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Manchester, Georgia
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August 31, 2000     The Hogansville Herald
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August 31, 2000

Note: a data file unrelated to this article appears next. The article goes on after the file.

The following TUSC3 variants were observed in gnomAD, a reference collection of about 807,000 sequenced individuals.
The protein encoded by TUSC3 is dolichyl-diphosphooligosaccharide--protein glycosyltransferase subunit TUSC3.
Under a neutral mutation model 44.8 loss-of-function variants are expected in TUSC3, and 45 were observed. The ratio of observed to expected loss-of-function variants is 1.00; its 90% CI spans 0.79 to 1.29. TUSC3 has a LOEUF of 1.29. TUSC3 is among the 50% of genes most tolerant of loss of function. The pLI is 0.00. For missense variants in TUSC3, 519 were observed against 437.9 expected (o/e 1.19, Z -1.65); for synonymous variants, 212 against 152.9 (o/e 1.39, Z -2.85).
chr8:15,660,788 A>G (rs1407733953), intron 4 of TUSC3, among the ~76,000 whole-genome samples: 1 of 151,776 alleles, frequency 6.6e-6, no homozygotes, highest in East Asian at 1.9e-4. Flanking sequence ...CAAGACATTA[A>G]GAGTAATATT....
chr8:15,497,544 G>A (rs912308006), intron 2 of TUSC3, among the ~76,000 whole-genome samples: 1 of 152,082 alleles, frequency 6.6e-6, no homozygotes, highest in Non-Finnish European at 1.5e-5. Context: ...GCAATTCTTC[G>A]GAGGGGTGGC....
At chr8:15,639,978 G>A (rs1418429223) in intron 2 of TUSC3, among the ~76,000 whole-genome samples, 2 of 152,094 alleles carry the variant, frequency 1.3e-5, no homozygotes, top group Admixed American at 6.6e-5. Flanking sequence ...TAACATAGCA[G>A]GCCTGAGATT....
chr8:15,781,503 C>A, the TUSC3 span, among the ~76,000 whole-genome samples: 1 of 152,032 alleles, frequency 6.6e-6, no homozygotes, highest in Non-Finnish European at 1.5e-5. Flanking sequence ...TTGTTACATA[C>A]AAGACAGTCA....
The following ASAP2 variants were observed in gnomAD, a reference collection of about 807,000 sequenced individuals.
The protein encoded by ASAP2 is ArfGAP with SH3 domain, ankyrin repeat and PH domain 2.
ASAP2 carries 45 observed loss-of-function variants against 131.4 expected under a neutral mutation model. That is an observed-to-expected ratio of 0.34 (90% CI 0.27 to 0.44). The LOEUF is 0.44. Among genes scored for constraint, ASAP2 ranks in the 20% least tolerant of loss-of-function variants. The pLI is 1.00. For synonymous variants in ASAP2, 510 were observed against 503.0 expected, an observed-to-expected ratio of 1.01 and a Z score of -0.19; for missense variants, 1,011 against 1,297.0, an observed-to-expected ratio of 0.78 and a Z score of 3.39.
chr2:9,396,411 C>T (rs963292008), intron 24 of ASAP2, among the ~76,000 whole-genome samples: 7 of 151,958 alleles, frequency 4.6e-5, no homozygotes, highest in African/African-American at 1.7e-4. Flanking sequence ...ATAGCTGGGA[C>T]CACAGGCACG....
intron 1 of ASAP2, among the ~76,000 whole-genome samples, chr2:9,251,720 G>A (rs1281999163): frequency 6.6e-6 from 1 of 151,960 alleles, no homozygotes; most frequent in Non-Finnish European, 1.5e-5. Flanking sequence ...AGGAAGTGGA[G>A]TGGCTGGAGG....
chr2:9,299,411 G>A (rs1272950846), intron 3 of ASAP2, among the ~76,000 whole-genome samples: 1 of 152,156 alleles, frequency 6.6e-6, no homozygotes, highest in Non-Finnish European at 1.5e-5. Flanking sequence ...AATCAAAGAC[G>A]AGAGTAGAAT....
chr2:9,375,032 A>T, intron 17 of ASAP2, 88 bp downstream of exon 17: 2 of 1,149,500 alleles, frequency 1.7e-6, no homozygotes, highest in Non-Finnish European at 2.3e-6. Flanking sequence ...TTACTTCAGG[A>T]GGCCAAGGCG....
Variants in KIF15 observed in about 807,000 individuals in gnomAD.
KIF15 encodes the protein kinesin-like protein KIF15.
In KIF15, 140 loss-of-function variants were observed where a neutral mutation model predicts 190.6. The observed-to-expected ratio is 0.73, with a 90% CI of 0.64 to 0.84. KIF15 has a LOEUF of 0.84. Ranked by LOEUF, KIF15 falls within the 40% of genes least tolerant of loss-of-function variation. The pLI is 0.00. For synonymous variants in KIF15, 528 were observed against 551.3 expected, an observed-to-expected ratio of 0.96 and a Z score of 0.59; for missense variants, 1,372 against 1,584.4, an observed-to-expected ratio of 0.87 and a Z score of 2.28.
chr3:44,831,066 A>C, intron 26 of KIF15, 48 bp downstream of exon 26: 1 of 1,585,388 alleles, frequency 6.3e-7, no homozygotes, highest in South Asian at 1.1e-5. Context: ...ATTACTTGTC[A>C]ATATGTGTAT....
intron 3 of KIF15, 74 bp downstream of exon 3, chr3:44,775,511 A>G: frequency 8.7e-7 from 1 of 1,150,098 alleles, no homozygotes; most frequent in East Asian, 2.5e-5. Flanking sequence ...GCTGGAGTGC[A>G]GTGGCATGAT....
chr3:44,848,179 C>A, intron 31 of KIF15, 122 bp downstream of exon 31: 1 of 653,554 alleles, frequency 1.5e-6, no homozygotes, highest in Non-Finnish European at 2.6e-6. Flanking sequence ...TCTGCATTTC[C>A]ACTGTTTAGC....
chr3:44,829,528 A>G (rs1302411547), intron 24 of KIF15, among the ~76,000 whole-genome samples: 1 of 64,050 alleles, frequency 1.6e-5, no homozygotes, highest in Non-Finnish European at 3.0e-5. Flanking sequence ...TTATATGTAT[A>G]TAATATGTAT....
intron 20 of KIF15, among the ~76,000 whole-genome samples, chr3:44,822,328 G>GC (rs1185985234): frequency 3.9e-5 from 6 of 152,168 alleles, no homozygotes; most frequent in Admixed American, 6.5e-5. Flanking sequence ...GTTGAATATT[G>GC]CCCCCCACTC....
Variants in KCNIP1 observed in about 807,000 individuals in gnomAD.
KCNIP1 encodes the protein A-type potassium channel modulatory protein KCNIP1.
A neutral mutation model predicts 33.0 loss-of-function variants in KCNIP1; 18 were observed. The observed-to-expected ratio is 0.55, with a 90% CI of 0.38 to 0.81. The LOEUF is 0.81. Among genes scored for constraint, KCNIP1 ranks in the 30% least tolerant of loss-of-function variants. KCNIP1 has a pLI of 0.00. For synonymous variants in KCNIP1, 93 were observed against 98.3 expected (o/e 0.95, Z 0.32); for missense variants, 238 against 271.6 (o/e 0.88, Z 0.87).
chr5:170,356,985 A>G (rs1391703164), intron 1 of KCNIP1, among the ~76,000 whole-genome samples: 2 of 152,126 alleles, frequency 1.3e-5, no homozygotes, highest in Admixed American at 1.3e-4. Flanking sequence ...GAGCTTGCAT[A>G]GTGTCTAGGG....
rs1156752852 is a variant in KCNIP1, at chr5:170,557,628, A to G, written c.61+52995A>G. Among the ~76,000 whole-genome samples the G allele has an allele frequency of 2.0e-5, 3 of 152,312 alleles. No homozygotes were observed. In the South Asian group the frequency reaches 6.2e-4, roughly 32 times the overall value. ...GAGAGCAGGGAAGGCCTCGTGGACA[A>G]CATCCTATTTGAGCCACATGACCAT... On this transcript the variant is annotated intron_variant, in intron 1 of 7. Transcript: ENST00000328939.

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OPINIONS & IDEAS PAGE 4 - HOGANSVILL, HOME NEWS - AUGUST 31, 2000 THE HOGANSVILLE HOME NEWS USPS 620-04O A Gnme ublicatiou Millard B. Gdmes, Pnmident MI ICM PUB LISHE, R/AD VERTIS1NG DIRECl'0R JOHN KUVKErALL AssociaTE PtmSHEJEDrrOR BRYAN GrER ASSOCIATE EDITOR JAYNE GOLDSTON BUSINESS MANAGER Phone (706) 846-3188. Fax (706) 84(>2206 P. O. Box 426 Hogansville, Georgia 30230 Let's Remember What Football Is When it comes to high school football, this area provides some of the best action in the state. Local high school stadiums are usually packed every Friday night when the local team takes to the field. Those fans are there to show their support and love for the local team. While not many things bring communities together anymore, high school football certainly does that. Men, women, boys and girls all visit on Friday nights to watch the hometown team play. They will sit in the stands with friends and neighbors and cheer the team to victory or defeat. ONE THING THE PEOPLE of this area take serious is their football. But it's not only this area,:it everywhere football is played in the good old United States of America. One thing I've learned over the years is not to take the Friday night games too seriously. Having played and coached the sport, I realize it is just a game and life will go on. Somc people however, think if the hometown team doesn't win, life as they know it is over. Bill Shanldy, a football coach, once said it best, "Some people think football is a matter of life and death. I don't like that atti- tude. I can assure them it is more serious than that." Man has never taken losing well. As a matter of fact, histor- ical records show that the emperor of Rome won every event in which he entered dur- ing the Olympics held in A.D. 67. In fact, when Emperor Nero on one occasion fell from his char- iot during a race, the other con- testants politely (and prudently) waited until he had remounted and sped on before resuming the race. And don't forget the words of Henry "Red" Sanders (misat- tributed often to Vinee Lombardi), "Sure, winning isn't everything. It's the only thing." How unfortunate that human nature forces us to think that way. When I look at a game between "Try to look for the great plays made by individ- What's Mainly Learned in A friend whose son wants to grow up and be a writer asked me what courses the young man should concentrate on in high school. To answer, I had to look back to my own high school days. Certainly biology hasn't meant diddly to me as a writer. I could dissect a frog with the best of them in high school, but the need hasn't come up since. NEITHER HAS algebra or geometry, and I knew they would- n't at the time. I basically learned everything I need to know about mathematics in the third grade when they taught me to multiply. 2Vqo times four is eight, which is how many columns I need to write today so I can take a cou- ple of weeks off and work on my upcoming novel. Loarning about ancient histo- ry hasn't benefitted me. Who cares when Rome was sacked? It should have had a better offen- sive line. And geography. There's a lot of sand in Saudi Arabia. I could have learned that later in life sim- ply by watching U.S. Marines wishing for a cold beer as they wait for President Bush to decide whether or not he's going to get some of them killed. History, when I was inter- viewed for this job, nobody asked me anything about Rutherford B. Hayes. They did teach me grammar and punctuation, but that's why we have editors. What I finally decided was the most important course I took in 16 years of schooling was typing. I have used this skill practically every day of my professional life. Mr. Sheets, the basketball coach, taught me tying in my junior year of high school. Tying teachers usually don't get a lot of credit for molding our youth, but in this case I am certainly behold- en to Mr. Sheets. I'M NOT CERTAIN how many words I now have to my credit, but I type each of them. If you can't type, you're going to be in a helluva mess if you want to be a writer. In the first place, you Can't get a job with a newspaper if you can't type. They're going to sit you down at a computer and ask you to produce, and I don't care how much you know about computers, if you can't negotiate the key- board, nothing readable is going to appear on the screen in front of you. Some authors, I am told, write out their books in longhand. That's because they never learned to type. If they had, they wouldn't be scribbling on a sheet of paper for months at a time, which can cause severe pain in the hands Lewis Columnist "Who cares when Rome was sacked? It should have had a better offensive line." and fingers. That's why Edgar Allan Poe wrote all the weird stuff. His hands and fingers were always hurting. The pain became so intense he began to setalking ravens. SO I TOLD my friend to tell his son to enroll in a typing class as soon as possible. "But what about foreign lan- guages?" he asked. tle Japanese," I said. our publishing industry could happen." BY SPECIAL MENT WITH HIS DEDRA, THE CARRYING COLUMNS BY THE LEWIS GRIZZARD UP IN NEARBY AND BECAME THE WIDELY READ WRITER OF HIS GRIZZARD I ALL AMERICA BUT TICULARLY THIS AREA OF WHICH AND WHERE 85 FROM HOGANSVILLE IS HIS HONOR. THE 1 GRIZZARD MUSEUM ESTABLISHED IN IN 1996, EDITING LAB IS ICATED TO HIS HIS BELOVED OF GEORG BOOKS AND TAPES ARe AVAILABLE FOR THROUGH BAD PRODUCTIONS, Pg 191266, ATLANTA, STORES NATIONWIDE. ual players FDRDesigned WarmSpringsHo rather than the scoreboard." two teams, I don't see what most people see. I don't see two teams at all, but 22 athletes playing a sport they love. I don't see the game, I see the individual efforts of each player. I don't see win- ners and losers, I see hard work and determination paying off. THIS FRIDAY NIGHT, when you visit the stadium to watch the home team, try looking for great plays by individuals rather than the scoreboard. I believe you will be surprised how much more fun it will be. Please try and think of the hometown players and the oppos- ing team's players as all being young men. Let's treat them as such. While the game is about competition, it is also about build- ing character, a team effort and many other lessons the players will use in their adult life. Let's give all the players what they deserve by displaying good sportsmanship. Mr. Millard Grimes, President and CEO of this news- paper says it best," Let's be kind to one another." Have fun at the game. Opinion Page of The Hogansville Home News are the expressions and ideas of each writer and do not necessarily reflect the opinions of the management. Tim HOGANSVlIJ HOM NEWS is published weekly by the Star-Mercury Publishing Company, a division of Grimes Publications, at 3051 Roosevelt Highway, Manchester, Georgia 31816. U SPS 620-040. Subscription rates by mail: $16 in Troup, Heard or Meriwether Counties; $20 a year elsewhere. Prices include all sales taxes. Second class postage paid at Hogansville, Georgia 30230. FoR svnscimqlor call (706) 846-3188 or write to Circulation Manager, Star Mercury Publications, P. O. Box 426, Manchester, Georgia 31816. POSTMASTF: Send address changes to E O. Box 426, Hogansville, GA 30230. S'rAw Publisher and Advertising Director .................................................................... Mike Hale Associate Publisher and Editor ................................................................. John Kuykendall As,ciate Editor .................................................................................................. Bryan Geter Assistant Editor ........................................................................................... Rob Richardson Business Manager ....................................................................................... .Jayne Goldston Staff Writers ...................................................................... .Michael C. Snider, Billy Bryant Assistant Advertising Manager ........................................................................ Laurie Lewis Advertising Sales ................................................................................................. Loft Camp Assistant Editor .., ....................................................................................... Rob Richardson Composing ................................................... Wanda Keesee, Deborah Smith, Lauren King Legals ............................................................................................................ Jayne Goldston Receptionist and Classifieds .............................................................................. Cleta Young Production Manager. ....... :. ..................... i ......................................................... Roland Foiles Pressroom .............................................................................. David Bogg." Com, oitr On President .................................................................................................... Millard B. Grimes Vice President .................... i ................................................................... Charlotte S. Grimes Secretary ................................................................................................ Laura Grimes Cofer Treasurer .............................................................................................. Kathy Grimes Garrett Legal Counsel and Assistant Secretary .................................................... James S. Grimes Franklin Roosevelt had a spe- cial attachment for the old poolsinc, at Warm Springs because he had a hand in designing its bath- house. Toombs sent him his plans, and got back a detailed memo and sketch calling for changes. Later when Toombs designed the residence hall, Roosevelt asked for detailed ges. ',Take out linen closets betw'een wards and restore passageway ... Put hand basin in bath room... Put door from West Ward into Chart Room ... Dark Room can be smaller... X- ra room smaller and bath larger ... Toilet next to Waiting Room should enter from Waiting Room and not from Dr. Hubbard's office ... No connection from lower kitchen and upper... Nurse' bed- room taken out of Photograph room and connect to toilet .. In Indoor stair. Why not put outside stair in middle of porch and let it come into middle hallway of base- ment..." All this was hastily scrawled on official stationary in the Governor's Mansion in Albany. Roosevelt's interest in "archi- tecture remained keen, but he bad less impact on Warm Springs buildings after he became President. For one things, Toombs and Arthur Carpenter conspired against him. When Georgia Halls's preliminary plans were drawn, Roosevelt asked to see them. The architect and the business manager sent him instead a sim- ple sketch, "having agreed between ourselves that if we showed him the detail drawings he would surely be full of ideas and probably upset our plans, which were already far along," Toombs wrote later. "We had noted that whenever ED.R. saw a draw- ing, he always reached for a pen- cil." ROOSEVELT "reached for a pencil" a lot. He and Henry Pope conceived the master plan for Warm Springs development in 1926 and 1927. Roosevelt wrote Toombs in the latter year that he favored "[no}" formal location of buildings... In other words a sort of haphazard spacing of the build- ings in proper relation to the trees and the three different hill slopes." He had already by then designed his own first home in Warm Springs, with Toombs doing the drawings and superrising the construction. It was a very simple frame house, based on a typical "Southern Greek Revival" home Roosevelt had seen in a nearby town. He suggested to Toombs that its interior'take the typical "dog trot central hall" and widen it so :: my for others to follow. self followed it. i "He had already by then designed his own first home in Warm Springs, with Toombs doing the draw- ings and supervis- ing the construc- tion." that it could serve as a dining- room-living-room combination. The house cost just over $7,200. Roosqvelt hoped he was setting a pattern of simplicity and econo- IN 1932, he had another house to be called "The Little House", of history. The cost it and a garage. The, influence others. Carpenter had Toombs $12,000 house for him 1934. Of course, that waS s round home, Pierson's Toombs-design cost $45,6000 in i935. (Next Week: The House). 'THE SQUIRE OF OF WARM SPRINGS TLE WHITE HOUSE. TAINS ALL OF THE PER DURING THE pAST PROCEEDS FROM THI I SALE ALL GO TO SEVELT CENTER. Differentiating Discipline and A Any one who has seen the news in recent days had to be hor- rified at the report of the thir- teen-year-old boy who was beat- en to death in the name of disci- pline. There is no one who believes the Bible teaches that spanking is a legitimate form of discipline more than this preach- er does, however, no one believes that child abuse is an abomina- tion in the sight of God more than this preacher either. The Bible says in Proverbs 29:15 "The rod and reproof give wisdom: but a child left to himself bringeth his mother to shams." But just as the Bible teaches such discipline, Jesus taught us in Matthew 18:6. "But whoso shall offend one of these little ones which believe in me, it is better for him that a mill- stone were hanged around his neck, and that he be drowned in the depth of the sea." Jesus teach- es discipline, but he also con- derrms abuse. THE PROBLEM is that a lot of parents do not know how to dis- cipline using the 'rod'. Many times a parent will reach over and slap the child across the mouth when they say something inappropri- ate, or they will just lean over and slap the top of the leg when they feel like the child has done some- thing out of line. Both of these actions I feel are wrong and are, in my opinion, a mild form of abuse. When administering spanking as a form of discipline, there are several things that must be kept in mind. The foremost thing is: discipline must be admin- istered with an attitude of love and not anger. It is never appro- priate or wise to spank a child while angry. We must remember that discipline is a way to show our children that we love them. The writer of Hebrews tells us in chapter twelve and verses five through seven,' And ye have for- gotten the exhortation which speaketh unto you as unto chil- dren, My son, despise not thou the chastening of the Lord, nor faint when thou art rebuked of him: [6] For whom the Lord loveth he chas- teneth, and scourgeth every son whom he receiveth. [7] If ye endure chastening, God dealt with you as with sons; for what son is he whom the father chas- teneth not?" ANOTHER THING that must be kept in mind is that spanking doesn't have to be the first form of discipline that is used to cor- rect a problem. The verse previ: "When adminis- tering spanking as a form of discipline, there are several things that must be kept in mind. The foremost thing is: discipline must be administered with an attitude of love and not anger." ously cited from Proverbs also refers to reproof. The word reproof refers to rebuke or cor- rection as a means of discipline. When a child does do something out of line, a parents does not have to spank right off. It seems that when a parent spanks: the parents is anger or j real discipline that is nurture and train a are abused while the the Bible as also there are many need the biblical form ing who are not getting world it is becoming ly difficult to train up ents need the ance that only the HolY give. Spanking is abuse is abominable. ciplining of our children, follow the examples of Father as he chastens dren. He first showing them the sin, l suffering, but t once causes his love to l ed. Then when the time discipline in a is warranted, then He ters it. IT IS TRUE that today sometimes need but it is even more children of today that loves them and up in of the Lord. (EphesianS